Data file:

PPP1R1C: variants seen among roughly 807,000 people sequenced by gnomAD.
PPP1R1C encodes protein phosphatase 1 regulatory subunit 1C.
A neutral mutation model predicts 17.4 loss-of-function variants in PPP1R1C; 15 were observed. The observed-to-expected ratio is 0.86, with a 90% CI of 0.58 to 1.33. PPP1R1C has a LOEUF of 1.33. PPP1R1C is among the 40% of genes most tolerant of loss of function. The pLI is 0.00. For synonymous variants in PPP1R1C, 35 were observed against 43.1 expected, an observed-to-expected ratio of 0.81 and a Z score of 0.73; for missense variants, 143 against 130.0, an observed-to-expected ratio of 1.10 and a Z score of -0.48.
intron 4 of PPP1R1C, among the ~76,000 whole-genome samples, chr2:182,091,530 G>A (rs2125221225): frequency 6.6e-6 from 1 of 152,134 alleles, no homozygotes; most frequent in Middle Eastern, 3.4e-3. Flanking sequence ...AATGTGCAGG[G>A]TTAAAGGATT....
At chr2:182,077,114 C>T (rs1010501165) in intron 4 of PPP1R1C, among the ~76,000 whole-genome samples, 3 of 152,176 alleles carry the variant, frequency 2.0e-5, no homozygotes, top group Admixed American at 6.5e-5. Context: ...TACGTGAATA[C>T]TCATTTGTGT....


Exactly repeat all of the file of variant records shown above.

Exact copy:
PPP1R1C: variants seen among roughly 807,000 people sequenced by gnomAD.
PPP1R1C encodes protein phosphatase 1 regulatory subunit 1C.
A neutral mutation model predicts 17.4 loss-of-function variants in PPP1R1C; 15 were observed. The observed-to-expected ratio is 0.86, with a 90% CI of 0.58 to 1.33. PPP1R1C has a LOEUF of 1.33. PPP1R1C is among the 40% of genes most tolerant of loss of function. The pLI is 0.00. For synonymous variants in PPP1R1C, 35 were observed against 43.1 expected, an observed-to-expected ratio of 0.81 and a Z score of 0.73; for missense variants, 143 against 130.0, an observed-to-expected ratio of 1.10 and a Z score of -0.48.
intron 4 of PPP1R1C, among the ~76,000 whole-genome samples, chr2:182,091,530 G>A (rs2125221225): frequency 6.6e-6 from 1 of 152,134 alleles, no homozygotes; most frequent in Middle Eastern, 3.4e-3. Flanking sequence ...AATGTGCAGG[G>A]TTAAAGGATT....
At chr2:182,077,114 C>T (rs1010501165) in intron 4 of PPP1R1C, among the ~76,000 whole-genome samples, 3 of 152,176 alleles carry the variant, frequency 2.0e-5, no homozygotes, top group Admixed American at 6.5e-5. Context: ...TACGTGAATA[C>T]TCATTTGTGT....